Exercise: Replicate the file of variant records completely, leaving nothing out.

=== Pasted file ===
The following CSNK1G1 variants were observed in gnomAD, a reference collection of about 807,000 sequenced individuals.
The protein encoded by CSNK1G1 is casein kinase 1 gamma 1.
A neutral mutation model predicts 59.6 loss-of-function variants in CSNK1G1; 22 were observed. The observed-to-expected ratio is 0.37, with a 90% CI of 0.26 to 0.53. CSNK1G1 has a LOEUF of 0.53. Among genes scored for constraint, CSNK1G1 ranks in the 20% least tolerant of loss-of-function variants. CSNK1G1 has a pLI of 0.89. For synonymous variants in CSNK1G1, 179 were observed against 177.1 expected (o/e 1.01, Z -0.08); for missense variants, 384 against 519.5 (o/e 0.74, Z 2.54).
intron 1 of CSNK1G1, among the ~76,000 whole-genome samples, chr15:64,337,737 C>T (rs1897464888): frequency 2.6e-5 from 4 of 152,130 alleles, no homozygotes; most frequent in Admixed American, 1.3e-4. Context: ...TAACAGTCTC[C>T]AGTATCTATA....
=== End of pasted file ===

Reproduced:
The following CSNK1G1 variants were observed in gnomAD, a reference collection of about 807,000 sequenced individuals.
The protein encoded by CSNK1G1 is casein kinase 1 gamma 1.
A neutral mutation model predicts 59.6 loss-of-function variants in CSNK1G1; 22 were observed. The observed-to-expected ratio is 0.37, with a 90% CI of 0.26 to 0.53. CSNK1G1 has a LOEUF of 0.53. Among genes scored for constraint, CSNK1G1 ranks in the 20% least tolerant of loss-of-function variants. CSNK1G1 has a pLI of 0.89. For synonymous variants in CSNK1G1, 179 were observed against 177.1 expected (o/e 1.01, Z -0.08); for missense variants, 384 against 519.5 (o/e 0.74, Z 2.54).
intron 1 of CSNK1G1, among the ~76,000 whole-genome samples, chr15:64,337,737 C>T (rs1897464888): frequency 2.6e-5 from 4 of 152,130 alleles, no homozygotes; most frequent in Admixed American, 1.3e-4. Context: ...TAACAGTCTC[C>T]AGTATCTATA....